Recombinant complement factor H in complement-mediated diseases
Item statusRestricted Access
Embargo end date21/09/2023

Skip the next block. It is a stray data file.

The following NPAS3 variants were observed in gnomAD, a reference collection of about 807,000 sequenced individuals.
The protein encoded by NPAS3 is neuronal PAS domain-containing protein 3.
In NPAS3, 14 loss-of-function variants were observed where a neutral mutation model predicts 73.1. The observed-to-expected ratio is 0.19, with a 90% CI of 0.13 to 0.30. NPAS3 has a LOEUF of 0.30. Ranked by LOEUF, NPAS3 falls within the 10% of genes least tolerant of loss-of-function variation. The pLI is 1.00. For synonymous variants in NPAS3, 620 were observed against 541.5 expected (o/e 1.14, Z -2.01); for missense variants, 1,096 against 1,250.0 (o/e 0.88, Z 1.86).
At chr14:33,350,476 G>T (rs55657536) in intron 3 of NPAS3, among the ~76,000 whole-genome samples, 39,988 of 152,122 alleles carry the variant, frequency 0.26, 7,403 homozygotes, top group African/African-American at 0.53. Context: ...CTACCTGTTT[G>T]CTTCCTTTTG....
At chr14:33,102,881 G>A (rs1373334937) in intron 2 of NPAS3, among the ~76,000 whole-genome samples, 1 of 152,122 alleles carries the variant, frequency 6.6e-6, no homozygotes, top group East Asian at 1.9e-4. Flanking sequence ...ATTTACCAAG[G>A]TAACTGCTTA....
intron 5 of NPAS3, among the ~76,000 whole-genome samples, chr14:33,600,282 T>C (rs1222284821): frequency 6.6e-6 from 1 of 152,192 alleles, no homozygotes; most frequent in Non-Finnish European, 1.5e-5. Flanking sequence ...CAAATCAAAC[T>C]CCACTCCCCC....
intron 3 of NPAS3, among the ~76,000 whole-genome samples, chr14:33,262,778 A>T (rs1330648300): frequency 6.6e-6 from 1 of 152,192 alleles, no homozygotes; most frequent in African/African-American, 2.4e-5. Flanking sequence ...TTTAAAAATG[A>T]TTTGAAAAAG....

Complement Factor H (FH) is a 155-kDa plasma glycoprotein that regulates the alternative pathway of the complement system. Mutations or deficiencies in FH are associated with some cases of the kidney diseases C3 glomerulopathy and atypical haemolytic uraemic syndrome (aHUS). Recombinant human FH could potentially be used in some patients as a therapy for these diseases, both of which confer significant morbidity. This requires animal trials as well as a better understanding of which patients are likely to benefit most from FH-supplementation therapy. An abundance of FH in the plasma of healthy individuals implies that high doses of any potential recombinant FH protein will be needed. Previously, Pichia pastoris containing codon-optimised DNA encoding human FH yielded useful but relatively small quantities of protein. In other experiments plasma-derived murine and human FH rapidly controlled C3 turnover in the murine model of C3 glomerulopathy, a FH-deficient mouse strain. Difficulties in obtaining large quantities of pure well characterised murine FH and the rapid development of an immune response to human FH prevented longer-term trials of these agents. This study aimed to generate recombinant murine FH (rmFH) in sufficient quantities for thorough functional and biophysical characterisation and subsequently in vivo studies in FH-deficient mice. It further aimed to enhance production of recombinant human FH to allow assessment of the functional implications of disease-linked mutations. The methodology that had yielded recombinant human FH in P. pastoris generated only minimal quantities of rmFH. Bearing in mind the 40 disulfides present in FH, a new host P. pastoris strain was developed containing an expression-optimised gene for protein disulphide isomerase (PDI). This produced multi-milligrams of rmFH per litre. The rmFH had an affinity for both human and murine C3b similar to native mFH and was functional in co-factor and decay acceleration complement assays. The rmFH was also functional in the FH-deficient mouse model – it increased plasma C3 levels and reduced glomerular C3 staining 24 hours after a single intra-peritoneal injection. The half-life of circulating rmFH was, however, short, and the mice developed antibodies against the recombinant protein after ten days of daily dosing. Despite this, a reduction in glomerular C3 was still seen at ten days implying rmFH may have persisted for longer in the glomerular basement membrane. Mutations in FH are implicated in aHUS, a life-threatening kidney disease. Recombinant human FH was made with variations in both the N (I62V, R53H) and C terminus (D1119G, S1191L V1197A), and tested in assays for decay-acceleration, co-factor and complement-mediated haemolysis of (self-like) sheep erythrocytes. The addition of PspCN, a bacterial binding protein, enhanced co-factor activity and haemolysis protection, and therefore may reverse the deficiencies of some FH mutant variants.